Knowing the Benefits of Mindful Meditation
April 24, 2020
Learning how to spend time with your mind is sometimes difficult. Sitting still and keeping your mind from racing often ends the meditation exercise before you experience the benefits. But many positive results of meditation lead to better well-being:
- You may discover what is behind your mental pain and anxiety. This revelation will lead to better understanding of your feelings.
- Mindful meditation lowers your stress level. Significant medical evidence shows that excess stress causes illness and can make other illnesses worse. Mindfulness will help you to connect more meaningfully with your family and friends.
- Your focus and concentration will improve with mindful meditation. It will be easier to stay on task at work and at leisure. Meditation exercises will also reduce “brain chatter,” those voices in your head that never seem to stop.
Put these benefits to the test with this meditation exercise!
This is an orientation exercise. It can also be used for relaxation or emotional regulation. We are orienting to what is above us and what is below us using the points of the sky and the ground. How it works is we visualize the two directions as a way to take a break, pause our thoughts, change our attention and reorient ourselves mentally and physically.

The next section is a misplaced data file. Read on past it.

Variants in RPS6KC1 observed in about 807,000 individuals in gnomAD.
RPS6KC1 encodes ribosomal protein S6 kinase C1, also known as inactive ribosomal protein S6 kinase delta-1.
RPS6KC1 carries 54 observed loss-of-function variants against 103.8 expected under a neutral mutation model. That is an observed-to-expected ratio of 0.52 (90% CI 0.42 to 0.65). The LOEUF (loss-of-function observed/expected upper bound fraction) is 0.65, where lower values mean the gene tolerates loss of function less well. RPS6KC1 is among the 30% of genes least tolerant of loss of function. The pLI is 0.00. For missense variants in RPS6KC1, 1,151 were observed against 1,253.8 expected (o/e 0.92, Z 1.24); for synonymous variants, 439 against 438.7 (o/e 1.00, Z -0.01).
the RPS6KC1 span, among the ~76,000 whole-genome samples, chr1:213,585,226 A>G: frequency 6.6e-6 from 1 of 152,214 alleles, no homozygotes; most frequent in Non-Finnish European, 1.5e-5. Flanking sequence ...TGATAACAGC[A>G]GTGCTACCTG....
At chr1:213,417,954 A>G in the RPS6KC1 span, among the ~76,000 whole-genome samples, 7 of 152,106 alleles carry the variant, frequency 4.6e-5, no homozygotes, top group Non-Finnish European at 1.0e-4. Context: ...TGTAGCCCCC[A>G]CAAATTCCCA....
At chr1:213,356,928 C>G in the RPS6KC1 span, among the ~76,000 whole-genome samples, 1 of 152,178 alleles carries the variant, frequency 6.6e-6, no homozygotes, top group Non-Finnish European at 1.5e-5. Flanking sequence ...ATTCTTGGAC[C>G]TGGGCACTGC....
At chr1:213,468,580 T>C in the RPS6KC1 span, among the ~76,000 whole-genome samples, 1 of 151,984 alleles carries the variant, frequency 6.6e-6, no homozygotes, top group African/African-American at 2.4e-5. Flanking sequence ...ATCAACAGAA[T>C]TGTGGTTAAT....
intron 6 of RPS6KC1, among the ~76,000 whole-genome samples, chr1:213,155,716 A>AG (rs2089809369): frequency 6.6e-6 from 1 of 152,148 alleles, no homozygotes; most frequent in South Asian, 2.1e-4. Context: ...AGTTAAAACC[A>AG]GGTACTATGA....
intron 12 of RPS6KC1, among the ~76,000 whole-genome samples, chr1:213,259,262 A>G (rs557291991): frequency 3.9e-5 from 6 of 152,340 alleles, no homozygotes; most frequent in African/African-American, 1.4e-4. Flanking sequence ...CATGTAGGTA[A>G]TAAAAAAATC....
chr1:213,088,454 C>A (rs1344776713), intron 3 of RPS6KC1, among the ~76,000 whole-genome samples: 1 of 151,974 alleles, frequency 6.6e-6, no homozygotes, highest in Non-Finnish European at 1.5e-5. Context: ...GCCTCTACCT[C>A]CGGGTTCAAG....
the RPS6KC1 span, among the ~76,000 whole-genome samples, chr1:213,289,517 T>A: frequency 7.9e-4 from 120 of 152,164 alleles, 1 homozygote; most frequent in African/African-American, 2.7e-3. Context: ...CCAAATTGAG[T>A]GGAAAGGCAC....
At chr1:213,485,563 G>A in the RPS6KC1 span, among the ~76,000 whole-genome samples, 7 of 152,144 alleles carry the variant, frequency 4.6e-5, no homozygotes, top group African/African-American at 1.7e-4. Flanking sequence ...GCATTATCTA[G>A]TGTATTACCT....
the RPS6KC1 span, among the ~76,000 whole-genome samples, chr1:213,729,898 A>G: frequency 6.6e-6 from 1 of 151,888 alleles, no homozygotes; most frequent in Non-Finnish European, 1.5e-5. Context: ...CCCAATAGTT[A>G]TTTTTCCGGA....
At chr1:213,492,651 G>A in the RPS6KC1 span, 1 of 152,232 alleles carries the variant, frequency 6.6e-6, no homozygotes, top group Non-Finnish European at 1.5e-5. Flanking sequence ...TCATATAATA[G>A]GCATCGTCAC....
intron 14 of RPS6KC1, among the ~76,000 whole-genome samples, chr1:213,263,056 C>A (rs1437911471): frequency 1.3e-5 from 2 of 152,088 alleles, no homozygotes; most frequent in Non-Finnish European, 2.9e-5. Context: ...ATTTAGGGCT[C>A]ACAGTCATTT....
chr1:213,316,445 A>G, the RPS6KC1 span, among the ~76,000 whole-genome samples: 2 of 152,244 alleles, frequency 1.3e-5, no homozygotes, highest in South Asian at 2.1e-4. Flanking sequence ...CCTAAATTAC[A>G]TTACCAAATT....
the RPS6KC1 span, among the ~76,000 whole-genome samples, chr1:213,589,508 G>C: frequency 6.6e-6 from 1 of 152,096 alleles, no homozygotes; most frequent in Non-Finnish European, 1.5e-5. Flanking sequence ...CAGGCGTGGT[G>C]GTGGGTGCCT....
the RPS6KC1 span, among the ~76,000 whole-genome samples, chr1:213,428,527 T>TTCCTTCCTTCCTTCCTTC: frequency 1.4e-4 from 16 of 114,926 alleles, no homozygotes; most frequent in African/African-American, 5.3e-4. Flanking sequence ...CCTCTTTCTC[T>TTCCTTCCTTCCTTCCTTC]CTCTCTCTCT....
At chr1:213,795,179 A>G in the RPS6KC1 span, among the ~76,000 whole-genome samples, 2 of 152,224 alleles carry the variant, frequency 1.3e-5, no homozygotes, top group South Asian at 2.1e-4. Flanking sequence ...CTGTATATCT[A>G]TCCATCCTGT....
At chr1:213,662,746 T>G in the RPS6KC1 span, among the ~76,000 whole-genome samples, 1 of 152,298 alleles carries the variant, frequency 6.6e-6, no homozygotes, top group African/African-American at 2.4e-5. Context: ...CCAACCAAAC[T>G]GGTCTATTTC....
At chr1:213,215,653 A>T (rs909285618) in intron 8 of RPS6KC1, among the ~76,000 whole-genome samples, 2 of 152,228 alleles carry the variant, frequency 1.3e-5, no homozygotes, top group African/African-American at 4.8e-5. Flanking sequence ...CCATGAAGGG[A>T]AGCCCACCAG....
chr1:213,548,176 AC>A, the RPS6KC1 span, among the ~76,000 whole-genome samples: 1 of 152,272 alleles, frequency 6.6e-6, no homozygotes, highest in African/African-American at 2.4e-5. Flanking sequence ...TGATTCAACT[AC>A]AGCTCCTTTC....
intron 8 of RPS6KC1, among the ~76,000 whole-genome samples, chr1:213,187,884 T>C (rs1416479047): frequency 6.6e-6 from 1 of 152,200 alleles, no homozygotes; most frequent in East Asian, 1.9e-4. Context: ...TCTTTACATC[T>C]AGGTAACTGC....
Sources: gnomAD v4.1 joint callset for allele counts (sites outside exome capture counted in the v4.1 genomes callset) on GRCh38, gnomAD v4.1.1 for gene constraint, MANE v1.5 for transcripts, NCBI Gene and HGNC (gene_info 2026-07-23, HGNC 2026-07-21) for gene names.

Take a moment wherever you are and imagine what is above you, beyond the ceiling of the room, beyond the roof of the building, maybe a tree line or the clouds in the sky. Imagine the sky. This is above you.
Now imagine what is below your feet. This could be the ground, the foundation of the building you’re in, beyond this to the earth and soil. Imagine the earth. This is below you.
Now picture how your body is in between these two points. The earth is below and the sky is above. This is true if you’re in an airplane or a boat. Use this visualization to feel more centered or to calm your thoughts. You can add breath work to this part, or do some stretching or movement. Feel free to be creative!
– Meditation by Thomás Grubb, LPC and research by Harriet Vanderbilt